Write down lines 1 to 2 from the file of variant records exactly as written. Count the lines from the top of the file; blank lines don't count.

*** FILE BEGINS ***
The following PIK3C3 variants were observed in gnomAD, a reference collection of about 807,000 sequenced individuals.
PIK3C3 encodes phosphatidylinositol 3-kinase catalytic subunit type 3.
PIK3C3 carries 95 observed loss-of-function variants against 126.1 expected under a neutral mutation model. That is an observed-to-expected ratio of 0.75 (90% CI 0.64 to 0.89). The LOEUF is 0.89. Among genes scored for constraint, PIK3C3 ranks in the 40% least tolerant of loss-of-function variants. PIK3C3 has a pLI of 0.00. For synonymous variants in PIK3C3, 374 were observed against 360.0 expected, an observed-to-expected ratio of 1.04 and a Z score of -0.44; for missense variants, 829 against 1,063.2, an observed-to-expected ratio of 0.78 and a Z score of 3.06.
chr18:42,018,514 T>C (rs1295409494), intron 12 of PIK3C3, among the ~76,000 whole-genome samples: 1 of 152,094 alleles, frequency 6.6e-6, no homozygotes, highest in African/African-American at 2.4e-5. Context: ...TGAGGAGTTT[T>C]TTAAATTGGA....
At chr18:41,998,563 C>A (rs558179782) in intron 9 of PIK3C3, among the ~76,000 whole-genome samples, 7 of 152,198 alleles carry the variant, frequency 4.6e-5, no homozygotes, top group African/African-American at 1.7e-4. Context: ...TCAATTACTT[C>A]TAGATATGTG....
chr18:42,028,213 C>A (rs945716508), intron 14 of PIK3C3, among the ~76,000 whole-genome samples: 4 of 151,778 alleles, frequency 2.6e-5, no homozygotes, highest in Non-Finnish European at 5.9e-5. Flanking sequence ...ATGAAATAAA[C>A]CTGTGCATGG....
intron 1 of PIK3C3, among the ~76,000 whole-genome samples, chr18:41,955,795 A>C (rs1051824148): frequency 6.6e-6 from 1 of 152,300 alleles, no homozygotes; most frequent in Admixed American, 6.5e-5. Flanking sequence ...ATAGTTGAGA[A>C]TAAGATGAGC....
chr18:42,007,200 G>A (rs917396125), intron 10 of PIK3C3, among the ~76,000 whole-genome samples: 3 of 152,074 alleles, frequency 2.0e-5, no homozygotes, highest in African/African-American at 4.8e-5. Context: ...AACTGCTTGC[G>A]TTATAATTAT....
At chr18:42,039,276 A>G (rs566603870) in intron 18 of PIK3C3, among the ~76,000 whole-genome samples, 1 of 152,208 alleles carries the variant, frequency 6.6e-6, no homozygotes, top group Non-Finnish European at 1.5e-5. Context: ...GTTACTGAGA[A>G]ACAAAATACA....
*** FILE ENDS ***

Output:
The following PIK3C3 variants were observed in gnomAD, a reference collection of about 807,000 sequenced individuals.
PIK3C3 encodes phosphatidylinositol 3-kinase catalytic subunit type 3.